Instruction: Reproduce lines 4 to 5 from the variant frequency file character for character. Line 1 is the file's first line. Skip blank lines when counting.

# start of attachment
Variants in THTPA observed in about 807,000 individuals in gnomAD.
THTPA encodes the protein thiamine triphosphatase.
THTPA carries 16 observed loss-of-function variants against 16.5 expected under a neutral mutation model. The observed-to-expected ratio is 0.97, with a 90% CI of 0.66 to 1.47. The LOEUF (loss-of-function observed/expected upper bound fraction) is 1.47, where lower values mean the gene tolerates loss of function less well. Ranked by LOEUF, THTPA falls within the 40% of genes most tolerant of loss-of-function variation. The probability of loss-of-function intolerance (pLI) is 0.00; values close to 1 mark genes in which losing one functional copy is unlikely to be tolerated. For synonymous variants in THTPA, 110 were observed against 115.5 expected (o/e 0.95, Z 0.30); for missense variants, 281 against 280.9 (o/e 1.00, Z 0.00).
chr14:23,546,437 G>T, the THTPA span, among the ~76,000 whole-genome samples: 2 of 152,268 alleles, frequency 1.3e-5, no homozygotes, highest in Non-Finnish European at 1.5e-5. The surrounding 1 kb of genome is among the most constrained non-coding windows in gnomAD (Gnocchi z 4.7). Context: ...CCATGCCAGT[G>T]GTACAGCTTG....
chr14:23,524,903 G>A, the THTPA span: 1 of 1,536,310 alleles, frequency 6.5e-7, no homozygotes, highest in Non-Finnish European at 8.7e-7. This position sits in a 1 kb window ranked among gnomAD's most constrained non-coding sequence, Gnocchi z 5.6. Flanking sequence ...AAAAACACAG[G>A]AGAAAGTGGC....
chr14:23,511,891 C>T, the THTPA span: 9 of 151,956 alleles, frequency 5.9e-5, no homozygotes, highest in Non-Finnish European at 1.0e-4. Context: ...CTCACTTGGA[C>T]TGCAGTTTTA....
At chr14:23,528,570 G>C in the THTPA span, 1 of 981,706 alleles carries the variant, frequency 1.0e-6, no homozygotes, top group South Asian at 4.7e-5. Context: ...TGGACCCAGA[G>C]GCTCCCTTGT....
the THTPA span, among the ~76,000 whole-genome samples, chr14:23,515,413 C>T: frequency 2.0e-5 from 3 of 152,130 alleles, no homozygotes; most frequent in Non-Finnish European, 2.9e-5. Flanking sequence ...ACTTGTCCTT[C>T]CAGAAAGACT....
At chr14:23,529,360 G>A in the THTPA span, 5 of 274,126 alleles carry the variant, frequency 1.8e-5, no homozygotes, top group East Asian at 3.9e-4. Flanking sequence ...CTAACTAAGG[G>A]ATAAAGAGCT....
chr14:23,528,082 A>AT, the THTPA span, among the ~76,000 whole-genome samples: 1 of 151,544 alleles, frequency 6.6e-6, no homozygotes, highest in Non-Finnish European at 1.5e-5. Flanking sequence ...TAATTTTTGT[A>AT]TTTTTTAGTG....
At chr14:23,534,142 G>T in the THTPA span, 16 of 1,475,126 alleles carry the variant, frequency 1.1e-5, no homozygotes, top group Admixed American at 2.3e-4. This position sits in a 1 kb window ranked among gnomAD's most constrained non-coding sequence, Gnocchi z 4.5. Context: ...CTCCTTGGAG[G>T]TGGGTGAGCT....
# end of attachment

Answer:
chr14:23,546,437 G>T, the THTPA span, among the ~76,000 whole-genome samples: 2 of 152,268 alleles, frequency 1.3e-5, no homozygotes, highest in Non-Finnish European at 1.5e-5. The surrounding 1 kb of genome is among the most constrained non-coding windows in gnomAD (Gnocchi z 4.7). Context: ...CCATGCCAGT[G>T]GTACAGCTTG....
chr14:23,524,903 G>A, the THTPA span: 1 of 1,536,310 alleles, frequency 6.5e-7, no homozygotes, highest in Non-Finnish European at 8.7e-7. This position sits in a 1 kb window ranked among gnomAD's most constrained non-coding sequence, Gnocchi z 5.6. Flanking sequence ...AAAAACACAG[G>A]AGAAAGTGGC....